Tuesday, November 16, 2010

This morning I am reminded

of the day I helped my daddy Dave birth a calf. The calf was backwards inside the cow; a death sentence if not dealt with promptly. The cow may or may not have been able to birth the calf herself, and if so, the likelihood of the calf's death was high. Once the birthing process starts, and once the umbilical cord is broken, the calf must be expelled quickly or the placenta would smother it.
The cow wasn't going to have a successful birth, so my dad hooked up this contraption to the calf's legs...I am forgetting the name for it. Come-away I think...or something like that.
It was Summer, more than likely I was in my shit-stained jeans, sports bra, and shit-covered boots. Sweaty and dirty. Very rustic look.
I had to help my dad pull. I was in front, he was behind me, and I had to pull as hard as I could and lean back as far as I could.
Then the calf slid out, covered in blood and placenta. It looks at first like something out of a Sci-Fi movie. Dad rushed over to remove the covering over the calf's nose. It wasn't breathing. I thought we were too slow, or perhaps the calf had already suffocated in the womb. My dad then picked up the calf and started beating it against the cement. Not bashing it's head in or anything like that, but more it's chest. Like when you are shaking a person so they 'get a grip'. I didn't know what my dad was doing, I thought he was pissed off that the calf had died. Next thing I know, the calf lets out a bleat. It's alive! What my dad had done was a cow-version of a heart jump-start.
The depressing part of this story was that the calf later died from illness.
There is part of me that will be forever touched by this. Helping with a birth, seemingly impossible to succeed, but yet it did for a short while.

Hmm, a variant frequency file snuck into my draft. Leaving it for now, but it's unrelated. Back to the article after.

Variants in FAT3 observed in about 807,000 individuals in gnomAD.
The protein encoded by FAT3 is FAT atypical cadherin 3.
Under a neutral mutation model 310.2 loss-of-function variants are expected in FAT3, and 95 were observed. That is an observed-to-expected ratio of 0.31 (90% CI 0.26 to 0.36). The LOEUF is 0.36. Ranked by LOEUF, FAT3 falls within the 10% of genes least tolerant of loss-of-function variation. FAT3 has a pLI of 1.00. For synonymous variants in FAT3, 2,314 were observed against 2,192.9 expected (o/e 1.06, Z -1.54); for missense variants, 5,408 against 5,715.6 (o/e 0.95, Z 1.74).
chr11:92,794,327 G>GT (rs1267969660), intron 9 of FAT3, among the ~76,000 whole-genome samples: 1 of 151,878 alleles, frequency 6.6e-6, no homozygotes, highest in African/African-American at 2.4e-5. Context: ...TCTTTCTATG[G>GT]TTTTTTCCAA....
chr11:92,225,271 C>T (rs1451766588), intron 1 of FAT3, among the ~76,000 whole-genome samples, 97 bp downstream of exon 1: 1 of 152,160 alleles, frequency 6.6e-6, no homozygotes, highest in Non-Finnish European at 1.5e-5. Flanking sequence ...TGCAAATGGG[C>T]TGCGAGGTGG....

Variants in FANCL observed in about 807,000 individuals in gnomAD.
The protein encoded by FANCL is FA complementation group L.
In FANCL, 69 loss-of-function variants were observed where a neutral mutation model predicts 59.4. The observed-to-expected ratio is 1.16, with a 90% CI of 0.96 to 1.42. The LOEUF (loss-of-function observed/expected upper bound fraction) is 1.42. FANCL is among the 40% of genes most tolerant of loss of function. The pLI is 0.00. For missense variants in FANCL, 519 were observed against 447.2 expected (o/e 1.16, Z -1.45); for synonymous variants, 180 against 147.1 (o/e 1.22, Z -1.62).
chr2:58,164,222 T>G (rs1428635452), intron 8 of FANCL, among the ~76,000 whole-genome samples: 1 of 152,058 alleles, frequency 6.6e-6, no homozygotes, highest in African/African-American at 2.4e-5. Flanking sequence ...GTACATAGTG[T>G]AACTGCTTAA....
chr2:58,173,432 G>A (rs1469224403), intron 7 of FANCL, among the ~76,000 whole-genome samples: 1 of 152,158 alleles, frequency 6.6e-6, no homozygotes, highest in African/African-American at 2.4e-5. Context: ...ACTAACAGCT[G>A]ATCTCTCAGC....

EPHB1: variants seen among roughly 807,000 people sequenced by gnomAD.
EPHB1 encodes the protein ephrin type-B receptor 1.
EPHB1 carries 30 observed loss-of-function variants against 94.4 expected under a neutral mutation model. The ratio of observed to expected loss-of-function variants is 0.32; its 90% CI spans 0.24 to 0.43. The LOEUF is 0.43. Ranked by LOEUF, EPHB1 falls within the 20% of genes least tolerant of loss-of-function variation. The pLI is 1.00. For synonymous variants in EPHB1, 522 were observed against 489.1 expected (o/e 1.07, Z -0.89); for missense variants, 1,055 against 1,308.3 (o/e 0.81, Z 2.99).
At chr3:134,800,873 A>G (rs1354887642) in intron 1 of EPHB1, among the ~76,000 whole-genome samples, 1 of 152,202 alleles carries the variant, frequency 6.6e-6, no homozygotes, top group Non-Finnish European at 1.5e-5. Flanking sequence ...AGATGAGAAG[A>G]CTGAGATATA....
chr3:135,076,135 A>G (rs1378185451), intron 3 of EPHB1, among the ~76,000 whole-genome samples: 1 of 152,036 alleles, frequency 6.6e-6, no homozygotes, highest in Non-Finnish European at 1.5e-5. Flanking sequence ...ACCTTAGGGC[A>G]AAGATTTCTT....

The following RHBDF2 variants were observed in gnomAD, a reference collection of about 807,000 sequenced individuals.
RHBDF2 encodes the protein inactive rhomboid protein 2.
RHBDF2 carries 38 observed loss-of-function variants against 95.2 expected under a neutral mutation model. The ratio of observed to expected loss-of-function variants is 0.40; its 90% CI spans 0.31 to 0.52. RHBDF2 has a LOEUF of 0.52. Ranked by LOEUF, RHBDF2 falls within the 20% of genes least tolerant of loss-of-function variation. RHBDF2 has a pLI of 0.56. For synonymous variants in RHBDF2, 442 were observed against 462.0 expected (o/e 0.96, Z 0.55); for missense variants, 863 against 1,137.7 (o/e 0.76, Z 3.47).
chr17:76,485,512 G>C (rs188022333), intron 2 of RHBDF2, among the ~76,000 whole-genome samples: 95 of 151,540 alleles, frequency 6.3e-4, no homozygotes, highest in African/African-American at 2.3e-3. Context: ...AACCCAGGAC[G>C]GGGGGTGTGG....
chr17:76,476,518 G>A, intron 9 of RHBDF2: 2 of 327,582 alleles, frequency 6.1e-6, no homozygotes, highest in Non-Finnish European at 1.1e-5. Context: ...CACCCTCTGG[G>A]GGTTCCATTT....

I have other stories...of life and loss.
A kitten that I found on the verge of death. I named her Baby Fae. I think I mixed up milk replacer for her and would squirt some in her mouth ever few minutes with a syringe. I was determined I would revive her, determined to keep her alive. My daddy Dave told me she was half-dead, to leave her be, that it was hopeless. Suddenly after one of her mini-feedings that night she let out a roaring mew. After that she wouldn't shut up, she mewed and mewed, ate and mewed. I was shaken, it was unexpected. I was also thrilled beyond comprehension. I brought her to the homestead with me, she mewed all the way. She spent the night in the barn below the house. I mixed up milk with warmed up moist food, brought kibble down too. She wolfed down nourishment. I was ectatic.
The next day went well, she ate during the day, scampered around, and was very lovey. I believe that night she took a down-turn, she wasn't really accepting any food I gave her. Same with that morning. By the afternoon she had died. The heavy weight of failure fell on my shoulders. My dad was right, it was an impossible mission. More than likely she was already experiencing organ shut-down by the time I found her. She was lying in the classic 'death position'.  That year was a terrible year for the barn cats. I think we had drought weather, we hardly ever had dump milk. An over-population of cats, which always lead to sickness. I grew up on an old-school farm. If you were to say 'why didn't your parents/grandparents have the cats spayed or neutered?' With the exception of my mom (in a way) they would say you didn't waste money on 'damn cats'. My grandma was the one to buy cat food for them...after she died all that they kept on hand was dog food. With the occasional dump-milk breakfast, they were expected to fend for themselves with hunting.
Gradually more and more died off or probably went elsewhere. After I was 'released' from the farm, I went though a huge period of guilt. I, alone, helped mother cats raise their kittens by providing extra food for them. I brought some cat food from the 'stead to bring Squeaky or the other mother cats/kittens. Pretty much being told I wasn't needed anymore, it hurt.
I felt like I abandoned them.
Now, going to the farm is entirely different. Back 4-5 years ago I had 15 cats or more that would follow me around, crawl all over me, and give me love. Now, there is mention that a lone cat is living there, but it's not one of the originals. To me the life of the farm is gone.
We do not milk cows anymore...no cats or kittens running around. I guess it is as it should be.

Cordelia looks at me with disdain right now because I bathed her with kitty bath wipes and gave her a good brushing. Oh lord, how dare I clean her! She smells fresh and looks shiny and floofy. What a stunning fluffball.

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